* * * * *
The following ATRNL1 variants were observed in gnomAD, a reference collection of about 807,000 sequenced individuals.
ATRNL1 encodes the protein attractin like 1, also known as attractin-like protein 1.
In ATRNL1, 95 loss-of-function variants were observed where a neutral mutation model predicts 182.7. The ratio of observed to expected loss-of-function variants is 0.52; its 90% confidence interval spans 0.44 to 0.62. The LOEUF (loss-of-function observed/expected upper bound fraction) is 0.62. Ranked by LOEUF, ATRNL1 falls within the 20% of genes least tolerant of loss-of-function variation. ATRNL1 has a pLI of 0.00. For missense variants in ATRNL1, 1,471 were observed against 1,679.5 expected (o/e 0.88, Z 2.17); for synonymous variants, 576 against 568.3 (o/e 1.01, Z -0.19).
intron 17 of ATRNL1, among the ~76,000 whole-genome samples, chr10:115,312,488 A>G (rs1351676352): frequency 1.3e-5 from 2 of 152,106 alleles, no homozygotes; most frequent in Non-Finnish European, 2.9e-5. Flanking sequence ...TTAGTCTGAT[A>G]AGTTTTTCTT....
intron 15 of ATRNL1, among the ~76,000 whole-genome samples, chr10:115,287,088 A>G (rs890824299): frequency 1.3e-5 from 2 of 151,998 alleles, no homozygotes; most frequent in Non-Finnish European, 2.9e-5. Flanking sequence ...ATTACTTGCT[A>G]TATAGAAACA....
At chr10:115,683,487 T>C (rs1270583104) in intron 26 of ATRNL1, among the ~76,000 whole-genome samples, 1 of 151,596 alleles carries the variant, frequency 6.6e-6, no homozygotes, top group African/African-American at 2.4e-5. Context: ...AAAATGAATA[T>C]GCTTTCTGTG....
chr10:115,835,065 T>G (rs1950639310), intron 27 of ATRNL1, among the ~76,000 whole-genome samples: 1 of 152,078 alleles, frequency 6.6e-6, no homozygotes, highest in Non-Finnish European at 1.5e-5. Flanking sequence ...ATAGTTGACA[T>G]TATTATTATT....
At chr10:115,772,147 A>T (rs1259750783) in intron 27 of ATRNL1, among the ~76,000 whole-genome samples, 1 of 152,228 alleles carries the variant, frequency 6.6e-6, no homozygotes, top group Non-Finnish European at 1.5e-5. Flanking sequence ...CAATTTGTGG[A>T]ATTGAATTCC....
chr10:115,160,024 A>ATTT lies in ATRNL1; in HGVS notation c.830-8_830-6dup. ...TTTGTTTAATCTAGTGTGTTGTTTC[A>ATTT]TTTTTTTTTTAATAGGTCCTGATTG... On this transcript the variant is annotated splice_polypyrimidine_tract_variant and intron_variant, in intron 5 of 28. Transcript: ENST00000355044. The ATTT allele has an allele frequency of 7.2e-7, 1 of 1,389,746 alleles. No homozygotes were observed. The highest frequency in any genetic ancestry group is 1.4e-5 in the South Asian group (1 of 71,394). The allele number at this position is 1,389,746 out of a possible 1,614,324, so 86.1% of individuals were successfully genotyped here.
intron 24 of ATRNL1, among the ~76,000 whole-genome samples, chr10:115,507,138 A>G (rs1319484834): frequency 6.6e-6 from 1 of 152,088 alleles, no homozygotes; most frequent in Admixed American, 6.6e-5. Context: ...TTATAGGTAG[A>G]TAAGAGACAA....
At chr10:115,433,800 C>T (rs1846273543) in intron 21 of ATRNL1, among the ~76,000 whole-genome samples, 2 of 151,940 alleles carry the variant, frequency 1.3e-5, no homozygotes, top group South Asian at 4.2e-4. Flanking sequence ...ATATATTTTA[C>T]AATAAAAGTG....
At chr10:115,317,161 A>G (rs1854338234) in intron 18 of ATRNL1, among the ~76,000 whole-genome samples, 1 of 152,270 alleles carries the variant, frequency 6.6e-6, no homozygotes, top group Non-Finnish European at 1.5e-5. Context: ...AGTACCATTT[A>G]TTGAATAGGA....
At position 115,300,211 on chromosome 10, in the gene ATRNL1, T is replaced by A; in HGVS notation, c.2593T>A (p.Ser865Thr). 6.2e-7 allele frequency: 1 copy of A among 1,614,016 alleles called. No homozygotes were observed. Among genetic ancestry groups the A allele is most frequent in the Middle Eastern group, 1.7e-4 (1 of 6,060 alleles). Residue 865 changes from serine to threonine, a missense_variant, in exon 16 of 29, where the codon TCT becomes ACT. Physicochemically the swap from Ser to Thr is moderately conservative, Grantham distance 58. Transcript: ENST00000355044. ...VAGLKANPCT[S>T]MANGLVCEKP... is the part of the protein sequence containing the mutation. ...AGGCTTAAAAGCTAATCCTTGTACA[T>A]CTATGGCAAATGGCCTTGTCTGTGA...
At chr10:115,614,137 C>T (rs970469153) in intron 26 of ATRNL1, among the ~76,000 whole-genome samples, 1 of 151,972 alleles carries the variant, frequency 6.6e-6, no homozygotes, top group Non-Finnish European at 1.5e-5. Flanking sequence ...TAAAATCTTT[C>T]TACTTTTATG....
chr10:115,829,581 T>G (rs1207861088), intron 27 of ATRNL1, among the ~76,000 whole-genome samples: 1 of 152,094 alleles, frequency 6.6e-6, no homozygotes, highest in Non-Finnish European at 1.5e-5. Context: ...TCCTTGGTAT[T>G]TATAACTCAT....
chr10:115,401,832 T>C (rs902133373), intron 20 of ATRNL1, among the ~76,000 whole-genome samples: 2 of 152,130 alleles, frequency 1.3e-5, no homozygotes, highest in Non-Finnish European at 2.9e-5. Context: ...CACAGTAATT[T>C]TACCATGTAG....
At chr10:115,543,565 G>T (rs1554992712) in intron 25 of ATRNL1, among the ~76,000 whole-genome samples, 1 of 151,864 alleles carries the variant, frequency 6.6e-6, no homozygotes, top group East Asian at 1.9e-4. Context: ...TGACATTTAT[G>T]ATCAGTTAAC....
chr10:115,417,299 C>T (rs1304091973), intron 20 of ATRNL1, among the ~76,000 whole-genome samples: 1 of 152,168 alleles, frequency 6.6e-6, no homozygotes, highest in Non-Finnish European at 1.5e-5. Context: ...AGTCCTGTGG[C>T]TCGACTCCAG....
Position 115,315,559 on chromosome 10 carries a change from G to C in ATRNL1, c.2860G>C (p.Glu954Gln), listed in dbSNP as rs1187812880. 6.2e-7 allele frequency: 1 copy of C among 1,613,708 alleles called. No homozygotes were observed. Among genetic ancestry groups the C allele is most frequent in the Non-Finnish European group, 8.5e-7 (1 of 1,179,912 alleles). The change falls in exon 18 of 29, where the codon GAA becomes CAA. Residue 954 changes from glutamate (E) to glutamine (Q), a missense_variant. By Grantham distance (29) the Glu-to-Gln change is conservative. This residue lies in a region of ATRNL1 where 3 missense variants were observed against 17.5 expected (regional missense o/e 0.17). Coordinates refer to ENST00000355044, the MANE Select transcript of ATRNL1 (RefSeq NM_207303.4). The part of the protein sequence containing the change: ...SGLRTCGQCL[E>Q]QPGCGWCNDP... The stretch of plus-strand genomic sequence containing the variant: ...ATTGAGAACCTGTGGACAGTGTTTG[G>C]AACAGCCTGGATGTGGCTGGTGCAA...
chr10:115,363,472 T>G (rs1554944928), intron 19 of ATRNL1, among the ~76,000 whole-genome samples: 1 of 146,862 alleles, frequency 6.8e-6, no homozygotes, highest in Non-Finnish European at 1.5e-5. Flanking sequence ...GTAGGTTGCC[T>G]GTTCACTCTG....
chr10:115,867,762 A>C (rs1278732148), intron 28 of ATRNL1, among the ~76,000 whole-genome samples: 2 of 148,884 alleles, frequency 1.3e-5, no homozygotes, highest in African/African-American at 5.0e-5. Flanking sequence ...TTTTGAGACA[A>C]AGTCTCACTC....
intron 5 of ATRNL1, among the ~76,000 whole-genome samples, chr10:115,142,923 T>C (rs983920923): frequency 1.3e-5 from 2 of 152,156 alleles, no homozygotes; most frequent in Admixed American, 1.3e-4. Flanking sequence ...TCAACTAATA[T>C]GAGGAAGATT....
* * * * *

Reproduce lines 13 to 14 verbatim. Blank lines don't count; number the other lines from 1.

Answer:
At position 115,300,211 on chromosome 10, in the gene ATRNL1, T is replaced by A; in HGVS notation, c.2593T>A (p.Ser865Thr). 6.2e-7 allele frequency: 1 copy of A among 1,614,016 alleles called. No homozygotes were observed. Among genetic ancestry groups the A allele is most frequent in the Middle Eastern group, 1.7e-4 (1 of 6,060 alleles). Residue 865 changes from serine to threonine, a missense_variant, in exon 16 of 29, where the codon TCT becomes ACT. Physicochemically the swap from Ser to Thr is moderately conservative, Grantham distance 58. Transcript: ENST00000355044. ...VAGLKANPCT[S>T]MANGLVCEKP... is the part of the protein sequence containing the mutation. ...AGGCTTAAAAGCTAATCCTTGTACA[T>A]CTATGGCAAATGGCCTTGTCTGTGA...
At chr10:115,614,137 C>T (rs970469153) in intron 26 of ATRNL1, among the ~76,000 whole-genome samples, 1 of 151,972 alleles carries the variant, frequency 6.6e-6, no homozygotes, top group Non-Finnish European at 1.5e-5. Flanking sequence ...TAAAATCTTT[C>T]TACTTTTATG....